He did allow some glimmer of optimism: “I wouldn’t say we’re winning, but we’re moving in the right direction.”

Still, Wagenhofer insisted, we have to be brutally honest with ourselves.

Vermont can be proud that we may be the first state to go 100 percent net zero, but that does not mean it is time to rest on our laurels.

It’s a very tiny drop in the bucket for Vermont with around 630,000 people to achieve that goal. “There’s Boston suburbs bigger than that,” he said.

Although eliminating gasoline is not a foregone conclusion, he does see encouraging signs that we will do it. And that is a huge step in the right direction.

Wagenhofer said from his searches of the data he’s found there are around 291 million cars registered in the United States putting out about 13 billion tons of carbon per year. Including the rest of the world, there are probably 26 billion tons of carbon going into the atmosphere each year.

He believes that switching to electric cars is the way to go — for now. But this is a stop gap measure because the mining and production of lithium batteries is a horrible process.

The mining of lithium has a major impact on the environment. Probably the most serious problem with lithium mining is it requires an unsustainable amount of water consumption. Around 1.9 million liters of water are needed to produce a pint of lithium.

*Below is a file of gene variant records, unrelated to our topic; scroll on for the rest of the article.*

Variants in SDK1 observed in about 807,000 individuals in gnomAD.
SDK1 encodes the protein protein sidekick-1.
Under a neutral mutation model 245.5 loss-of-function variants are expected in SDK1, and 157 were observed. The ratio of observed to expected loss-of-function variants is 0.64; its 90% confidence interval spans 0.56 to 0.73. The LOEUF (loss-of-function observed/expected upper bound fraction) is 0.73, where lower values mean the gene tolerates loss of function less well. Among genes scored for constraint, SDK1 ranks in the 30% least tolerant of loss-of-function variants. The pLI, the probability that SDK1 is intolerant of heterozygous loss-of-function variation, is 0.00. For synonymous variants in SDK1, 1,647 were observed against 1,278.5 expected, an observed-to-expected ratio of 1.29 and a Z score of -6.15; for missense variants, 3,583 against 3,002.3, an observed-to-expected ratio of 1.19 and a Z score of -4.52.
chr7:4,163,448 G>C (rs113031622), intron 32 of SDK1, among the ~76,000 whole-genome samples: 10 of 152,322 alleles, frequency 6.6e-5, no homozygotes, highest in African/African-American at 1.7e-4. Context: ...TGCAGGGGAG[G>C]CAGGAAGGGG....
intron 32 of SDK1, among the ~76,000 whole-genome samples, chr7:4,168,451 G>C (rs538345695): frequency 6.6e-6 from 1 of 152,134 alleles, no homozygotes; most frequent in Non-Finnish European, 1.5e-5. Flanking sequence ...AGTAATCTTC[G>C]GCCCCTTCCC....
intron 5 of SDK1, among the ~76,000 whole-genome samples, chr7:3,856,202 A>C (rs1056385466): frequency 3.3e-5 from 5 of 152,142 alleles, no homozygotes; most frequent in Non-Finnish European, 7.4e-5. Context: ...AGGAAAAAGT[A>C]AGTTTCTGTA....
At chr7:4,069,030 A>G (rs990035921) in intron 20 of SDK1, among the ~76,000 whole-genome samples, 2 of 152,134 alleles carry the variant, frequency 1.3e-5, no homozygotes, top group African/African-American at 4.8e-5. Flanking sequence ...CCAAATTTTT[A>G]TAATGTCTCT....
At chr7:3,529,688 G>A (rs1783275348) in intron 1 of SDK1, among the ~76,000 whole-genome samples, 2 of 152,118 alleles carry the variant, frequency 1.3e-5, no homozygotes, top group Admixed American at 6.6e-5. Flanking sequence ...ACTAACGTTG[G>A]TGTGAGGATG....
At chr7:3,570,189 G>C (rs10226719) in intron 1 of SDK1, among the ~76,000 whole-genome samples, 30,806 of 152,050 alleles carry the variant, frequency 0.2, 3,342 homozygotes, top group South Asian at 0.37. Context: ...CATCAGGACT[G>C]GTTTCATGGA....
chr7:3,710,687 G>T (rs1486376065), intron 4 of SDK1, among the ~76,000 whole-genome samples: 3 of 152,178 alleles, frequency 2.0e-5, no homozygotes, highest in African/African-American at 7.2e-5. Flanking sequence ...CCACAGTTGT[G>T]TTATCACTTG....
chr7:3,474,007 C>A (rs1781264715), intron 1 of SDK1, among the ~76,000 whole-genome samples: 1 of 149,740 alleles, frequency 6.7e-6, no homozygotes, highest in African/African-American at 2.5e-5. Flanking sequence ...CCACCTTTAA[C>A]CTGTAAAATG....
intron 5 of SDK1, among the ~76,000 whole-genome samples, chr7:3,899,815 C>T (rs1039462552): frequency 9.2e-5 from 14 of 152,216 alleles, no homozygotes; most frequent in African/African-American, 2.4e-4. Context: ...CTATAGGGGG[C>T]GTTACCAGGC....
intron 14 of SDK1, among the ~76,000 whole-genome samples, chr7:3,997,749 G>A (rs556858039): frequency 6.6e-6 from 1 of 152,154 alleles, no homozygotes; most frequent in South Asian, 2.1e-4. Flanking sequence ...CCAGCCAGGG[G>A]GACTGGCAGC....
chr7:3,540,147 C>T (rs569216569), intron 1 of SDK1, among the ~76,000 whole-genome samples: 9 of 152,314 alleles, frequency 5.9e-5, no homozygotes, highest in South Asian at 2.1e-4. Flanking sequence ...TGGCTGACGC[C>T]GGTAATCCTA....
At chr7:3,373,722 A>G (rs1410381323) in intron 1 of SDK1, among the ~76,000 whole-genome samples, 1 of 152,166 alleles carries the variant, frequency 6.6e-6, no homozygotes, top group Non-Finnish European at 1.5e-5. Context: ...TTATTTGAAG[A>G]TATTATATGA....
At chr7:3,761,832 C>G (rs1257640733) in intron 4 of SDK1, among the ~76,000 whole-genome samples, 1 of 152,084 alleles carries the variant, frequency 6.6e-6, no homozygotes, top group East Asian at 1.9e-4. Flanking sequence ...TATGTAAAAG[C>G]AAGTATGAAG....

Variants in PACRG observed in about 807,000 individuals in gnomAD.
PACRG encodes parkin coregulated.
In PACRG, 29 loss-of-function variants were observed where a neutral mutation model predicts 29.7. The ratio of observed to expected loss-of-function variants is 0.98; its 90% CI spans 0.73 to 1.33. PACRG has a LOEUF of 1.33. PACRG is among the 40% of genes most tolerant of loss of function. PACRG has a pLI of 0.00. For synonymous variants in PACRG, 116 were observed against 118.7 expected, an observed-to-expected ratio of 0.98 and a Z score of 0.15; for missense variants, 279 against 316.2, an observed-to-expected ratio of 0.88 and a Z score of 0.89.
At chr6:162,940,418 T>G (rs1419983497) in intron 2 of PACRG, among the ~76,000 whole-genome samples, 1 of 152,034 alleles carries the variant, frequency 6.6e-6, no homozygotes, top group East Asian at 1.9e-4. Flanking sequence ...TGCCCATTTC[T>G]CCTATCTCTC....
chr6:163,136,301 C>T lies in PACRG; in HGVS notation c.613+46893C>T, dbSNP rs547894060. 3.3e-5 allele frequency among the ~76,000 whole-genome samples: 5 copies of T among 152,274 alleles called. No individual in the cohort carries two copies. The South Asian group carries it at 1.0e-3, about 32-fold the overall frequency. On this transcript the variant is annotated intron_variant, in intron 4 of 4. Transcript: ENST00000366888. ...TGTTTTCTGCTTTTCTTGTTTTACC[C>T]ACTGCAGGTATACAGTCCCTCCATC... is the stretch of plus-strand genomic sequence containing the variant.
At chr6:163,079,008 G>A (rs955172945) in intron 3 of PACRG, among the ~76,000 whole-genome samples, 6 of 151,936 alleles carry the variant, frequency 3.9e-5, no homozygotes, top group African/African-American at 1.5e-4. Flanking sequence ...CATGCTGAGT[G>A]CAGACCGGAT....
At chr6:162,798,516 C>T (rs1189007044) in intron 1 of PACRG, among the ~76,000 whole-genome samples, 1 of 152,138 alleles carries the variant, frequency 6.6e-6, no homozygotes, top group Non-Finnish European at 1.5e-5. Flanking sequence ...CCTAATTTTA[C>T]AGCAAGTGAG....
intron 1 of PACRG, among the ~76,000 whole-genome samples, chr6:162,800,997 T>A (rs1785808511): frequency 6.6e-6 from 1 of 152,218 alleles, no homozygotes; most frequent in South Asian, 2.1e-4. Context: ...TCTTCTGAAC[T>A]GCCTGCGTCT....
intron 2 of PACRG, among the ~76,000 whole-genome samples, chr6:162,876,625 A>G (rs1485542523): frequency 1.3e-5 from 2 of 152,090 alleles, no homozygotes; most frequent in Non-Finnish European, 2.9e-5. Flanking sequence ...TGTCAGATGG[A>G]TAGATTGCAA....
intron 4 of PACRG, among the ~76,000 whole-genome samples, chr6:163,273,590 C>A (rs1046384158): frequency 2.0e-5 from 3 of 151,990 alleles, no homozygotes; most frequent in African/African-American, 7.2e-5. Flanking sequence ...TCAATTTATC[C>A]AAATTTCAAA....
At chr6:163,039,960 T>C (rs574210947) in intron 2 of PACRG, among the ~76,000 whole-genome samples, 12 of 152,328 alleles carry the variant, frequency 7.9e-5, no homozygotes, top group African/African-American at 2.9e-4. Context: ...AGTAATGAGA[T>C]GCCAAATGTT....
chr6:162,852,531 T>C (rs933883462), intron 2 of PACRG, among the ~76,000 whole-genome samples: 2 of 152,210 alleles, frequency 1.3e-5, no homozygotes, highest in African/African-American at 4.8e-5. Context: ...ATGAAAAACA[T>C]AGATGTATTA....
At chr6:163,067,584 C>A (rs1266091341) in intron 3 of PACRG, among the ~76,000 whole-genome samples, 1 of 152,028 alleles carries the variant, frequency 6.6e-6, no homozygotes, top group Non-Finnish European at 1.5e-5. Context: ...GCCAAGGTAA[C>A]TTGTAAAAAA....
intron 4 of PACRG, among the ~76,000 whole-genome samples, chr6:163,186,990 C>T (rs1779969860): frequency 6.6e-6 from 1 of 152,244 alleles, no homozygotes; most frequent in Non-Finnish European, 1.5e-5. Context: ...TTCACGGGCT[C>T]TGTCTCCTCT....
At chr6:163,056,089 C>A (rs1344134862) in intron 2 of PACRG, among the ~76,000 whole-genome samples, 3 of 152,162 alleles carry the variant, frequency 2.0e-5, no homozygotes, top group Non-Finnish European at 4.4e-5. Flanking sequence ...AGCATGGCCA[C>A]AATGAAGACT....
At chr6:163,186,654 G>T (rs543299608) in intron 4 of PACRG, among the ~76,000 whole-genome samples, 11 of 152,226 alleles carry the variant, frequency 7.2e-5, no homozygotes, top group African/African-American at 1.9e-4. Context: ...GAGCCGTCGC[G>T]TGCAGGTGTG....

Another terrifying subject Wagenhofer brought up is population growth.

“The rate population grows is sort of the driver of everything. Those people are going to be using energy, and what are they going to be using to make energy?” he said. “I think we’re under estimating the demand. I think that’s what’s going to hurt us in the long term.”

According to Wagenhofer, it took thousands and thousands of years, from the beginning of human history until the onset of the Industrial Revolution, for the population of the world to reach 1 billion people. Then in the next 130 years, the world population reached another 1 billion people to double the population. The third billion people came in about 30 years. Another billion was added in 15 years, and another billion in 13 years.

“The population growth is just phenomenal. It’s overwhelming everything,” Wagenhofer said. “However, there’s a good side to the story.”

Populations growth is starting to flatten out. It’s not continuing to climb.

“The numbers show we’re going to add about 70 million people per year which is a growth rate of less than 1 percent, so the world population is going to continue to grow into the 21st century but at a slower rate,” he said. “These are some perspectives I don’t see anywhere else. This is a really important aspect and people I think are just not thinking about how big are the numbers? How much fuel are we willing to replace?”

These figure may make you want to throw up your hands in despair, he said. But that is an emotional luxury we can not afford.

“We need to try working as best as we can to mitigate as much as we can,” Wagenhofer said. “Anything we can do to conserve, we should continue doing.”

And encourage more people to do so as well.